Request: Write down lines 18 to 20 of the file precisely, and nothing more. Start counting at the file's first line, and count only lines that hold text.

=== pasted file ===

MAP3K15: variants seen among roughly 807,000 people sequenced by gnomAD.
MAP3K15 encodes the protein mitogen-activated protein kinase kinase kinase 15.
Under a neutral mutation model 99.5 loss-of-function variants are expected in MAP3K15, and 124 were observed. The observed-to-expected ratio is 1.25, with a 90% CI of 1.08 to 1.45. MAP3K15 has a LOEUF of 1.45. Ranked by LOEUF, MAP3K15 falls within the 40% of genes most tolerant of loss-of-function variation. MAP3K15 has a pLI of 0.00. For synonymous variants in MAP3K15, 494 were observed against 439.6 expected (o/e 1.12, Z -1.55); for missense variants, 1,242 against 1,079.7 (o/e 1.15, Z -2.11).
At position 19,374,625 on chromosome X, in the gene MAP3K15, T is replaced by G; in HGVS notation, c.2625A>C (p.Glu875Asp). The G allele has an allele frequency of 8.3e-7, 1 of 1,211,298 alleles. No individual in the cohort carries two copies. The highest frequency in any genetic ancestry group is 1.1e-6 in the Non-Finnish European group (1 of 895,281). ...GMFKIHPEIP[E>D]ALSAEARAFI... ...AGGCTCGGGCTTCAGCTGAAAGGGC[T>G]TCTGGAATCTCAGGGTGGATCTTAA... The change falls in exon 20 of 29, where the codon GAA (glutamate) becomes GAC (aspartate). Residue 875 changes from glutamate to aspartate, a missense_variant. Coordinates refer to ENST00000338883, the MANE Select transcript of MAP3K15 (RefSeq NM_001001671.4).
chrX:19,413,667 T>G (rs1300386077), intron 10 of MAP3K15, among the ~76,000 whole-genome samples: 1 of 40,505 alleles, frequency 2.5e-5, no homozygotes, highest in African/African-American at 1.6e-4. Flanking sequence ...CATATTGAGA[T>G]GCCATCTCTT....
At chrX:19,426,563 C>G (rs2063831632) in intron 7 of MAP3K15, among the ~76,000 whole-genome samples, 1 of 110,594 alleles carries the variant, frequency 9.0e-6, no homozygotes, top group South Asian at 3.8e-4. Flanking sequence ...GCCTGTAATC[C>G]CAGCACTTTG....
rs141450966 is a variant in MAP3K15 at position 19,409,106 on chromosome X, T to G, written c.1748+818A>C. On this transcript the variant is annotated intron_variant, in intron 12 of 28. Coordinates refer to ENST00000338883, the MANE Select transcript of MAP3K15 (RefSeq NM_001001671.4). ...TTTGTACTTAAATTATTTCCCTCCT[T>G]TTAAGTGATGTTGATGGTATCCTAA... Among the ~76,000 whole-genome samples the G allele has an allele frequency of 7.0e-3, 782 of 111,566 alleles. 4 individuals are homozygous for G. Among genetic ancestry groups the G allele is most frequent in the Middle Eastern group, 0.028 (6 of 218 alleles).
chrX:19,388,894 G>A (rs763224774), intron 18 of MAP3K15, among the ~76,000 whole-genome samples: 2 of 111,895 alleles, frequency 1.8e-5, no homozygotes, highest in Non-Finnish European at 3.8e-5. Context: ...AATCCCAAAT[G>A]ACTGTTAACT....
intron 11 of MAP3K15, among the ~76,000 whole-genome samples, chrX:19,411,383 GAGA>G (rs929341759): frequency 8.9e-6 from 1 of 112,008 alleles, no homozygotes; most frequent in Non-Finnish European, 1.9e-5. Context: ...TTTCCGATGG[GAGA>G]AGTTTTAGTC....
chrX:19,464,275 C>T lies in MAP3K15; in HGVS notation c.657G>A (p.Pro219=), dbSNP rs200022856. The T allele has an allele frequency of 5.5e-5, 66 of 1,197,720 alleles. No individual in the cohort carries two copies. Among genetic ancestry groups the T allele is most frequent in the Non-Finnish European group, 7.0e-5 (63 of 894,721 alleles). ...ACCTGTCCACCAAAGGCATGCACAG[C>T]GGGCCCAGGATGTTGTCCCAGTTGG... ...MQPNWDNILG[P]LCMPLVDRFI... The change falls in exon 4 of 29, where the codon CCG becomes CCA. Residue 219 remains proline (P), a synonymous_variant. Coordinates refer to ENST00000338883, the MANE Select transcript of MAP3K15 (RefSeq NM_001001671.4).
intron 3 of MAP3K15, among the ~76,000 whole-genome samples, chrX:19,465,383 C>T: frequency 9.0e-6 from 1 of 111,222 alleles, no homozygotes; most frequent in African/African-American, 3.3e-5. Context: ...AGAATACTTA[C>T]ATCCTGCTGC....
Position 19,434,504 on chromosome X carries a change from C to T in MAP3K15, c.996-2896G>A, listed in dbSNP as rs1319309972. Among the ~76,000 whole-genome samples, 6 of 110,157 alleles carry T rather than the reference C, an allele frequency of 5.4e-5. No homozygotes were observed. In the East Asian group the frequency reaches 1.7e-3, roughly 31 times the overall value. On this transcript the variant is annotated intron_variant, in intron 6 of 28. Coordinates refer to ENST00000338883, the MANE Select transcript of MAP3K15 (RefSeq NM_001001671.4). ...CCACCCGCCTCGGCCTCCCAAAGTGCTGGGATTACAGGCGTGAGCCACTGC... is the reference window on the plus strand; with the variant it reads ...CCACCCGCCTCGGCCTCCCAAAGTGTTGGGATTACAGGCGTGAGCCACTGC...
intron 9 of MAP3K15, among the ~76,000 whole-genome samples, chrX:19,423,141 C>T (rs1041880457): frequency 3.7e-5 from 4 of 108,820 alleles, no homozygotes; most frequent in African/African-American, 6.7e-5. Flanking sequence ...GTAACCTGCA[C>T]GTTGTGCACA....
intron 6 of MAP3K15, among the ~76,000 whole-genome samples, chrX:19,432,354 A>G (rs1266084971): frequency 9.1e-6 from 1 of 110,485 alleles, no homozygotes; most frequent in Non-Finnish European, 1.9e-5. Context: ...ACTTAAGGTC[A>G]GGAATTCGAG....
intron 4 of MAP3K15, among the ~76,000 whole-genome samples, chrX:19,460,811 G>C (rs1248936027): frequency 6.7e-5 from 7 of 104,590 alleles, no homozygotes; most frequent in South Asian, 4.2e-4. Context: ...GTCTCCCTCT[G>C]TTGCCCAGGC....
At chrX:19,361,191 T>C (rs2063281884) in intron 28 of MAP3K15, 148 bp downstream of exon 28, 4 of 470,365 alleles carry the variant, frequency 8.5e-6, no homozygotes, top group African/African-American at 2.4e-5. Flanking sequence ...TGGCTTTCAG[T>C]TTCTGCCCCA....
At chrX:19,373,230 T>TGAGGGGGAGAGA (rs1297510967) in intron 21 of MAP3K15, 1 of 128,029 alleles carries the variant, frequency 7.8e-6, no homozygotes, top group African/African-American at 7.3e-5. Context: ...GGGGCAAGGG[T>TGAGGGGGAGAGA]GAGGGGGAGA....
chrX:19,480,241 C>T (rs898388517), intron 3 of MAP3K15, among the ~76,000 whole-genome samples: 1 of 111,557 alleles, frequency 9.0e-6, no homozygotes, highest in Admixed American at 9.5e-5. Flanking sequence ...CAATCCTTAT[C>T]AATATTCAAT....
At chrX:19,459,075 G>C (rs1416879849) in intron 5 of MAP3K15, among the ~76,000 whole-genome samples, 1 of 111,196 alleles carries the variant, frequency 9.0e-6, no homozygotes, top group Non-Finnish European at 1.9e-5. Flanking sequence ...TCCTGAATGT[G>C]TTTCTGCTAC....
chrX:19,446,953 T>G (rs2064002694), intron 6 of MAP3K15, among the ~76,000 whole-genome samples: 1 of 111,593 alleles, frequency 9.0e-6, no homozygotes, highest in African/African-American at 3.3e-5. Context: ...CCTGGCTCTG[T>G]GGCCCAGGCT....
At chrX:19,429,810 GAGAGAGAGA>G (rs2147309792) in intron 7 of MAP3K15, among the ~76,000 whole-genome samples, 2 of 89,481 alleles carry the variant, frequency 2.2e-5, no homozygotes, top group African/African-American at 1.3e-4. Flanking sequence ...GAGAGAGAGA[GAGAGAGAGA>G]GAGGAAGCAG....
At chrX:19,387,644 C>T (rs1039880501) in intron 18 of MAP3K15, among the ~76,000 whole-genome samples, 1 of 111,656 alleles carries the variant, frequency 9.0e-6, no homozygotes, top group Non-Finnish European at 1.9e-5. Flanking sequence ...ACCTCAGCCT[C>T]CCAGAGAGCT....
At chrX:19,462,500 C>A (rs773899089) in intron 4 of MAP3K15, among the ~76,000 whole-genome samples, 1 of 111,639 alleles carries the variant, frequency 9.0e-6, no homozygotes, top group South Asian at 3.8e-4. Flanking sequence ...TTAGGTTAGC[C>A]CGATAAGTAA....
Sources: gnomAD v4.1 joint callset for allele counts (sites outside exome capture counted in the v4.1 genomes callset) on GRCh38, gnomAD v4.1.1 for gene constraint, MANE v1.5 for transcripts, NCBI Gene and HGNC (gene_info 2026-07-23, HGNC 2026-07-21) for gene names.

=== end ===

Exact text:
chrX:19,480,241 C>T (rs898388517), intron 3 of MAP3K15, among the ~76,000 whole-genome samples: 1 of 111,557 alleles, frequency 9.0e-6, no homozygotes, highest in Admixed American at 9.5e-5. Flanking sequence ...CAATCCTTAT[C>T]AATATTCAAT....
At chrX:19,459,075 G>C (rs1416879849) in intron 5 of MAP3K15, among the ~76,000 whole-genome samples, 1 of 111,196 alleles carries the variant, frequency 9.0e-6, no homozygotes, top group Non-Finnish European at 1.9e-5. Flanking sequence ...TCCTGAATGT[G>C]TTTCTGCTAC....
chrX:19,446,953 T>G (rs2064002694), intron 6 of MAP3K15, among the ~76,000 whole-genome samples: 1 of 111,593 alleles, frequency 9.0e-6, no homozygotes, highest in African/African-American at 3.3e-5. Context: ...CCTGGCTCTG[T>G]GGCCCAGGCT....